, Volume 27, Issue 3, pp 321–336 | Cite as

Interspecific relationships ofCallithrix based on the dental characters

  • Masahito Natori


The dental structure of all species ofCallithrix, C. argentata, C. humeralifer, C. aurita, C. flaviceps, C. geoffroyi, C. penicillata, andC. jacchus is examined.Callithrix are divided intoC. jacchus group andC. argentata group, based on the analysis of dental characters.C. jacchus group consists ofC. jacchus, C. penicillata, C. geoffroyi, C. flaviceps, andC. aurita, whileC. argentata andC. humeralifer are assigned toC. argentata group. InC. jacchus group,C. aurita andC. flaviceps were differentiated from the original stock of their common ancestor, followed byC. geoffroyi, last byC. penicillata, and finallyC. jacchus. Based on the relationships among species ofCallithrix, it is possible to infer the relative age of the formation of the refuges which caused their speciation. First, the forests in southeastern Brazilian coast were split from Amazonia. In southeastern Brazilian coast, the Paulista center separated, followed by the Rio Doce center, the Bahia center, finally by the Pernambuco center.

Key Words

Callithrix Dental character Refuge 


Unable to display preview. Download preview PDF.

Unable to display preview. Download preview PDF.


  1. Brown, K. S. Jr., 1982. Paleoecology and regional patterns of evolution in Neotropical forest butterflies. In:Biological Diversification in the Tropics,G. T. Prance (ed.), Columbia Press, New York, pp. 258–308.Google Scholar
  2. Coimbra-Filho, A. F. &R. A. Mittermeier, 1973. New data on the taxonomy of the Brazilian marmosets of the genusCallithrix Erxleben, 1777.Folia Primatol., 20: 241–264.PubMedGoogle Scholar
  3. ———— & ————, 1977. Tress-gouging, exudate-eating and the “short-tusked” condition inCallithrix andCebuella. In:The Biology and Conservation of the Callitrichidae,D. G. Kleiman (ed.), Smithsonian Institution Press, Washington D.C., pp. 105–115.Google Scholar
  4. Haffer, J., 1969. Speciation in Amazonian forest birds.Science, 165: 131–137.Google Scholar
  5. Hershkovitz, P., 1968. Metachromism or the principle of evolutionary change in mammalian tegumentary colors.Evolution, 22: 556–575.Google Scholar
  6. ————, 1975. Comments on taxonomy of Brazilian marmoset (Callithrix, Callitrichidae).Folia Primatol., 24: 137–172.PubMedGoogle Scholar
  7. ————, 1977.Living New World Monkeys, Vol. 1. Univ. of Chicago Press, Chicago.Google Scholar
  8. Hill, W. C. O., 1957.Primates. Comparative Anatomy and Taxonomy. Vol. 3, Hapalidae. Edinburgh Univ. Press, Edinburgh.Google Scholar
  9. Kinzey, W. G., 1973. Reduction of the cingulum in Ceboidea. In:Craniofacial Biology of Primates, Vol. 3,M. A. Zingeser (ed.), S. Karger, Basel, pp. 101–127.Google Scholar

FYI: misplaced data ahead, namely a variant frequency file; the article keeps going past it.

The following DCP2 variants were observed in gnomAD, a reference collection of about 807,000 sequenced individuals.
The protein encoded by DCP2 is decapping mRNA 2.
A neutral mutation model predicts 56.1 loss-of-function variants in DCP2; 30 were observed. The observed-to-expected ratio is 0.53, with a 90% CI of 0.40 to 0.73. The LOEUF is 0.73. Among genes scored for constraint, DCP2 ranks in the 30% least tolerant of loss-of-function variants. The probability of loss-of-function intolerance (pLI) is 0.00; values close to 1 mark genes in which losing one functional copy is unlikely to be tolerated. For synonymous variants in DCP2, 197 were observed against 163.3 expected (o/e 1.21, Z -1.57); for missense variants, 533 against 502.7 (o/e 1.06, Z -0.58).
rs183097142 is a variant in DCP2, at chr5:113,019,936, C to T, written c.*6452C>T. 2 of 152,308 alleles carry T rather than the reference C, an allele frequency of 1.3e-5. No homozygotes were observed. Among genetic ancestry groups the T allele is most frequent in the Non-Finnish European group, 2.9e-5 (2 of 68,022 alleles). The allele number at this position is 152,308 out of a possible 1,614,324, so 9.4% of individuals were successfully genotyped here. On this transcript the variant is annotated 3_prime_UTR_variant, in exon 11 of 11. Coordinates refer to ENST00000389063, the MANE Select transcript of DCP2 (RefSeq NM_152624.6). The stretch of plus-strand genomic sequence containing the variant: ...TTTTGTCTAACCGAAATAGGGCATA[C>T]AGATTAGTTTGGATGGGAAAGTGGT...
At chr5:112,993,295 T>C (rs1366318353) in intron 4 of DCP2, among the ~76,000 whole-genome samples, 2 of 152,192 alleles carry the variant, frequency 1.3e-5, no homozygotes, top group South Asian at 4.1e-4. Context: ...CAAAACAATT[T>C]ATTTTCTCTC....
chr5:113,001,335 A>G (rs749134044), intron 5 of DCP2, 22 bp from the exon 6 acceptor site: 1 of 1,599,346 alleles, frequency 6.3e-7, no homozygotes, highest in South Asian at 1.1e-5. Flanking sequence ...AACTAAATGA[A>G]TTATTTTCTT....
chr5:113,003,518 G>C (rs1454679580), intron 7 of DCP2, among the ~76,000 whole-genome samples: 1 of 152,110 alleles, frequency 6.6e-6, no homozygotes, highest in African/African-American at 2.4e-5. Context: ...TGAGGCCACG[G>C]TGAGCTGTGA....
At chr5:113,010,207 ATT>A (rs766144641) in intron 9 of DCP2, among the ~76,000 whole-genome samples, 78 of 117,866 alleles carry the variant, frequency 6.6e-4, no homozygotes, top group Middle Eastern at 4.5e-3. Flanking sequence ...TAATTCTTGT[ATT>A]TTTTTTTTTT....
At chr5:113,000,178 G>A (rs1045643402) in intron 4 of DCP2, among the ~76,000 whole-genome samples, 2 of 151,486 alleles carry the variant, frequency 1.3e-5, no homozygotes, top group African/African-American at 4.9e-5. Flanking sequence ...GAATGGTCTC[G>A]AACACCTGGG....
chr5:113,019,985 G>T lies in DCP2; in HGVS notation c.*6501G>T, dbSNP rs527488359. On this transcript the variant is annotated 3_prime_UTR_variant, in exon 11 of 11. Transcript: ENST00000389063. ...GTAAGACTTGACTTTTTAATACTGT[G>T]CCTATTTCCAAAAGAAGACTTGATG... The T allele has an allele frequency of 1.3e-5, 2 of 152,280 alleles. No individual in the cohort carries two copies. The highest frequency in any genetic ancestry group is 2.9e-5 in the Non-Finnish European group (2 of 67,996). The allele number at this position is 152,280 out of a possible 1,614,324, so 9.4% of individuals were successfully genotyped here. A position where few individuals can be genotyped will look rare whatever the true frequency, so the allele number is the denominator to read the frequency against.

10. ————, 1974. Ceboidea models for the evolution of hominoid dentition.J. Human Evol., 3: 193–203.Google Scholar
  11. ————, 1982. Distribution of primates and forest refuge. In:Biological Diversification in the Tropics,G. T. Prance (ed.), Columbia Press, New York, pp. 455–481.Google Scholar
  12. Maier, W. &G. Schneck, 1981. Konstruktionsmorphologische Untersuchungen am Gebiss der hominoiden Primaten.Z. Morph. Anthropol., 72: 127–169.Google Scholar
  13. Mittermeier, R. A. &A. F. Coimbra-Filho, 1981. Systematics: species and subspecies. In:Ecology and Behavior of Neotropical Primates,A. F. Coimbra-Filho &R. A. Mittermeier (eds.), Academia Brasileira de Ciencias, Rio de Janeiro, pp. 29–109.Google Scholar
  14. Napier, P. H., 1976.Catalogue of Primates in the British Museum (Natural History) 1. Families Callitrichidae and Ceboidea. British Museum, Natural History, London.Google Scholar
  15. Orlosky, F. J., 1973. Comparative dental morphology of extant and extinct Cebidae.Univ. Microfilm. Ann Arbor. Google Scholar
  16. Prance, G. T., 1982. Forest refuges: evidence from woody Angiosperms. In:Biological Diversification in the Tropics,G. T. Prance (ed.), Columbia Press, New York, pp. 137–158.Google Scholar
  17. Rosenberger, A. L., 1979. Phylogeny, evolution and classification of New World monkeys (Platyrrhini, Primates),Univ. Microfilms, Ann Arbor.Google Scholar
  18. ———— &W. G. Kinzey, 1976. Functional patterns of molar occlusion in platyrrhine primates.Amer. J. Phys. Anthropol., 45: 281–298.Google Scholar
  19. Setoguchi, T. &A. L. Rosenberger, 1985. Miocene marmosets: First fossil evidence.Int. J. Primatol., 6: 615–625.Google Scholar
  20. Sussman, R. W. &W. G. Kinzey, 1984. The ecological role of the Callitrichidae: A review.Amer. J. Phys. Anthropol., 64: 419–449.Google Scholar
  21. Szalay, F. S., 1969. Mixodectidae, Microsyopidae and the insectivore-primate transition.Bull. Amer. Mus. Nat. Hist., 140: 193–330.Google Scholar

Copyright information

© Japan Monkey Centre 1986

Authors and Affiliations

  • Masahito Natori
    • 1
  1. 1.Kyoto UniversityJapan

Personalised recommendations